On the excellent 4MA mailing list, one of the standard questions each month is "What is the first paragraph on Page X of the book you are reading?" I get loads of book recommendations that way, so I thought I would start a similar discussion here, as I am always looking for suggestions for books to read.

So what is the first paragraph or two of the book you are currently reading?

I've just started TO KISS OR KILL by Day Keene from 1951. Here's the first few paragraphs as they are short:

'You never can tell what a big tough Polish boy will do when he finds a nude blonde in his bathroom. Especially if he is a heavyweight fighter who was born back of the yards, is married to a million dollars, and has a psychiatric record.

He might do a number of things. He might tell her to get out. He might yell for his wife. He might blow what's left of his top. He might even do what Barney Mandell did, come to his addled senses.

It really happened, in Chicago. It happened to Barney Mandell on the afternoon on the day he was released from the asylum as cured, because he hadn't wrung a parrot's neck in two years.

Oh, yes. The nude blonde was dead.'



Isn't that marvellous? What a start. Tells you enough about Barney Mandell to make you want to know more.

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For Sister Anne, death was always near.

But tonight, it felt closer and she didn't know why.

Tonight was like any other in the Compassionate Heart of Mercy Shelter at the fringe of Seattle's Pioneer Square District, where she was offering tomato soup to those who had lost hope. Their pasts haunted their faces. The pain of their lives stained their bodies with lesions, needle tracks, and prison tattoos

A Perfect Grave - Rick Mofina
Having been to LCC in Seattle I culd really picture the setting which was great. Do they go into the underground city at all by any chance?
I'm not far enough to know, but this is the second Jason Wade book for me and Rick is a great writer.
Nope. Not in this book.
I just finished it, my first by Mofina.
What a wonderfully constructed novel- he wove the threads togeather so beautifully.
When we did the Underground tour at LCC, I saw a few authors reaching for notepads- I predict a rash of stories about it in a year or so.
As the guy who signed the checks to make that tour party happen (MWA-Northwest Chapter president), I am really happy to hear that my fellow authors got something out of that party.
Dang, now I have to put another Seattle detective on my list.
“The Doctor will see you now.”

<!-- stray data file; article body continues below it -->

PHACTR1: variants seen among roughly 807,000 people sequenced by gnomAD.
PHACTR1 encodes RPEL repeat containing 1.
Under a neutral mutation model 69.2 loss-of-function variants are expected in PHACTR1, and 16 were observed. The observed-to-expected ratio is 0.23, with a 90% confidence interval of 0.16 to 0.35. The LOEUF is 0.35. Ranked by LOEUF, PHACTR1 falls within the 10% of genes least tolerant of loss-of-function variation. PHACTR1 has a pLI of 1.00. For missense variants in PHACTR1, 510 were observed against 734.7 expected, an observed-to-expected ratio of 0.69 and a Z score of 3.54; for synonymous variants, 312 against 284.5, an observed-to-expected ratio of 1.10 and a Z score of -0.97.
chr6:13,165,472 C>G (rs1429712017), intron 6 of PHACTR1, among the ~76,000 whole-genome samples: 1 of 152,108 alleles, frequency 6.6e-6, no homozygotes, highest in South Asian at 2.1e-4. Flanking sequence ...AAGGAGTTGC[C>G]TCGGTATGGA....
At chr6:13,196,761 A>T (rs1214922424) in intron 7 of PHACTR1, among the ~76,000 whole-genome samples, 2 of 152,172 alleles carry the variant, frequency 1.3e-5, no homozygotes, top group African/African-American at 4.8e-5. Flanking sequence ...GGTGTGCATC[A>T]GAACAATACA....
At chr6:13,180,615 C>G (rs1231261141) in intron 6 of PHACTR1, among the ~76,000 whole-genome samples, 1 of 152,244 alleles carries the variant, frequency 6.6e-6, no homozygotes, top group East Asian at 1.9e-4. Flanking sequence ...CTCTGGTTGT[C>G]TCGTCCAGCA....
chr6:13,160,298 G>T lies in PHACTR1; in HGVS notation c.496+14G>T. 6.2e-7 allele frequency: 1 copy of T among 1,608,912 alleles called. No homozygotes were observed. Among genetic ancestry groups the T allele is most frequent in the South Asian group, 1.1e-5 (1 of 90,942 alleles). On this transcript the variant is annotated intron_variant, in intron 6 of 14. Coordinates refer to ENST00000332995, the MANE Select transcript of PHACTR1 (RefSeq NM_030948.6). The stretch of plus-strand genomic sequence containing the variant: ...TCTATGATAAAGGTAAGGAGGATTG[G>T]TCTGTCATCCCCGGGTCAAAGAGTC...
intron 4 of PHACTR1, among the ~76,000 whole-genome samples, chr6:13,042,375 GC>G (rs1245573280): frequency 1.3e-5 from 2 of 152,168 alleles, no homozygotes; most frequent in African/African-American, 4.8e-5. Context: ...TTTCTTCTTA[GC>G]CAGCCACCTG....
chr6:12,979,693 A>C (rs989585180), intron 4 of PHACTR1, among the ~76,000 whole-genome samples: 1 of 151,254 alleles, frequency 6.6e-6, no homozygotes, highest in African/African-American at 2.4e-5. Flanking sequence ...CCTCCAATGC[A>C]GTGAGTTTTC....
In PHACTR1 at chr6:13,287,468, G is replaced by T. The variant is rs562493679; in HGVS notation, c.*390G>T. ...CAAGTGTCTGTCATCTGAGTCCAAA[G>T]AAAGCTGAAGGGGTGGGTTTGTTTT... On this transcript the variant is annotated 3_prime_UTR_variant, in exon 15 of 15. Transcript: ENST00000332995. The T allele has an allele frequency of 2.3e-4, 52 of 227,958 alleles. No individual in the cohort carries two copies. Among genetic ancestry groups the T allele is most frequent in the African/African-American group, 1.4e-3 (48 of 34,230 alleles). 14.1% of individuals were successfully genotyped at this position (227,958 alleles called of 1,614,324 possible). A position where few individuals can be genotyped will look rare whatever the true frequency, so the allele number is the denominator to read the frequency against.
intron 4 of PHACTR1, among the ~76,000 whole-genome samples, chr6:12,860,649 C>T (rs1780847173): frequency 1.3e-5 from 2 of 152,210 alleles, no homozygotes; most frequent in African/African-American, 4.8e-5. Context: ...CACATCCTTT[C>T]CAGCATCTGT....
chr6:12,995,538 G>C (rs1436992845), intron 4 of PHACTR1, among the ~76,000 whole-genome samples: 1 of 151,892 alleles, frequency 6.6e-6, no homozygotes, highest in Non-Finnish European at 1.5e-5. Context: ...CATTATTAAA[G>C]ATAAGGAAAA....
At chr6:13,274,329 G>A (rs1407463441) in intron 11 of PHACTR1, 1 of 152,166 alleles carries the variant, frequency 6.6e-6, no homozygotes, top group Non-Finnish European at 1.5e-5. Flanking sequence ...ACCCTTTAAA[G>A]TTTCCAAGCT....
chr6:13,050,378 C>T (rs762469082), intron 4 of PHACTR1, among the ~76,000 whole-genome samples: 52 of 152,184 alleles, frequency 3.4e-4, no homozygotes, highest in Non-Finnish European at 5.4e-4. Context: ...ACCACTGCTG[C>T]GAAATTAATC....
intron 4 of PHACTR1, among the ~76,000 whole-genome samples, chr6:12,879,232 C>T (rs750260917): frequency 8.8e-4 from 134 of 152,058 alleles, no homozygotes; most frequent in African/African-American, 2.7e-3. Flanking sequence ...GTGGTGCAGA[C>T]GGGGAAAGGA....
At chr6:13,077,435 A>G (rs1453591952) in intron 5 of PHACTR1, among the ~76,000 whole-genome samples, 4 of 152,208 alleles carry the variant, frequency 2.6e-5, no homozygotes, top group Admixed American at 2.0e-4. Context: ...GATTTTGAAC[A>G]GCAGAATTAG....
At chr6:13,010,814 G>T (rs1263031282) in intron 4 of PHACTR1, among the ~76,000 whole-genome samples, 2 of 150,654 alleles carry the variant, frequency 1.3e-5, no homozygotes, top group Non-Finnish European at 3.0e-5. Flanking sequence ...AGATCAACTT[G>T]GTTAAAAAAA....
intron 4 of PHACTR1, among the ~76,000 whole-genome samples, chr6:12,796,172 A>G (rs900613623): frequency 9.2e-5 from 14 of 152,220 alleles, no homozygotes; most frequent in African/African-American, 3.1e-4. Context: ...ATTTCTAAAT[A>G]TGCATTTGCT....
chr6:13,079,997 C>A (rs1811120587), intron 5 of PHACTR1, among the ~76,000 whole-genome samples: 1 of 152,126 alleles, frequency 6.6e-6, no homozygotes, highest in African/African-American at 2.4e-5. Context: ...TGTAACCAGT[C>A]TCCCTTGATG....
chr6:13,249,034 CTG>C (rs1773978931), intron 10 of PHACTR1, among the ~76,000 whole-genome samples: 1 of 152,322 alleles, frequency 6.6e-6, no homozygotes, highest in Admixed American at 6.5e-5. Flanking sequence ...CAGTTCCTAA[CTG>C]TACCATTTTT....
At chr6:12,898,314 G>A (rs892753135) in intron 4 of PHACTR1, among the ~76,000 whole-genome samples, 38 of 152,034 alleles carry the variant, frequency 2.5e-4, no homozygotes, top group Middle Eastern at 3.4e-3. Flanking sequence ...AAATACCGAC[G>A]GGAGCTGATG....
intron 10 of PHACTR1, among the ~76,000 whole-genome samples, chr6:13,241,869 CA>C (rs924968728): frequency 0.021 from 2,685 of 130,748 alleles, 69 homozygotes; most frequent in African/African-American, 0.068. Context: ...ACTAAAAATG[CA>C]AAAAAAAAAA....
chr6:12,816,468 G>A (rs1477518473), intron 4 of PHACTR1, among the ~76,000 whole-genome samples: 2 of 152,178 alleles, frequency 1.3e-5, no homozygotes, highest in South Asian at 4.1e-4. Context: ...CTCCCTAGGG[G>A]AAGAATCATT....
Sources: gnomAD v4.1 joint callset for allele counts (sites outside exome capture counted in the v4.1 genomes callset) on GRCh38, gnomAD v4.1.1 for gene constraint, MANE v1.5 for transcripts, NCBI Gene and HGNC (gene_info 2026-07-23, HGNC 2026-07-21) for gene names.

The moment Ray Santana heard Orsino say the words, he knew he was going to die, and die horribly.

Ten hours or so had passed since the adhesive tape blindfold had been ripped away. Ten hours of being gagged and lashed to a high-backed chair--his head and chin taped so tightly, so expertly, that he could not move at all. Ten hours of listening to mariachi bands and singers in the streets above and knowing that for all the good they would do him, the revelers might as well be celebrating their Fiesta de Nogales on Mars. Ten hours without seeing any movement except the comings and goings of a huge roach.


Michael Palmer's Silent Treatment (Bantam, 1995).
Ew - the roach gave me the creeps - good stuff. And another author I've never read. He writes medical thrillers doesn't he? I'm not good with those - I think that's why I've never read him.
A bit of a slow-burn shaggy dog, but a great opening:

"This morning on planet Earth, there are one thousand, six hundred, and eighty-six enhanced, gifted, or otherwise-superpowered persons. Of these, one hundred and twenty-six are civilians leading normal lives. Thirty-eight are kept in research facilities funded by the Department of Defense, or foreign equivalents. Two hundred and twenty-six are aquatic, confined to the oceans. Twenty-nine are strictly localized -- powerful trees and genii loci, the Great Sphinx, and the Pyramid of Giza. Twenty-five are microscopic (including the Infinitesimal Seven). Three are dogs, four are cats, one is a bird. Six are made of gas. One is a mobile electrical effect, more of a weather pattern than a person. Seventy-seven are alien visitors. Thirty-eight are missing. Forty-one are off-continuity, permanent emigres to Earth's alternate realities and branching timestreams.

"Six hundred and seventy-eight use their powers to fight crime, while four hundred and forty use their powers to commit them. Forty-four are currently confined in Special Containment Facilities for enhanced criminals. Of these last, it is interesting to note that an unusually high proportion have IQs of 300 or more -- eighteen to be exact. Including me."

Austin Grossman, "Soon I Will Be Invincible"
I want to know about the thirty eight missing. This sounds like an adult version of The Incredibles :o) I've added this one to my list too.
What makes this book work so well is that it isn't ironic or smirky about the universe it is setting up at all. So its less send-up and more an emotionally honest look at characters and (super)human natures that just happen to be heroes or villains. And on top of all that it gathers all the usual suspects anyway, so you get cake and get to eat it too.
Another good book along these lines is "From the Notebooks of Dr. Brain" by Minister Faust. It's about some superheroes in group therapy. Funny, but also serious. You'll never look at Batman the same again...

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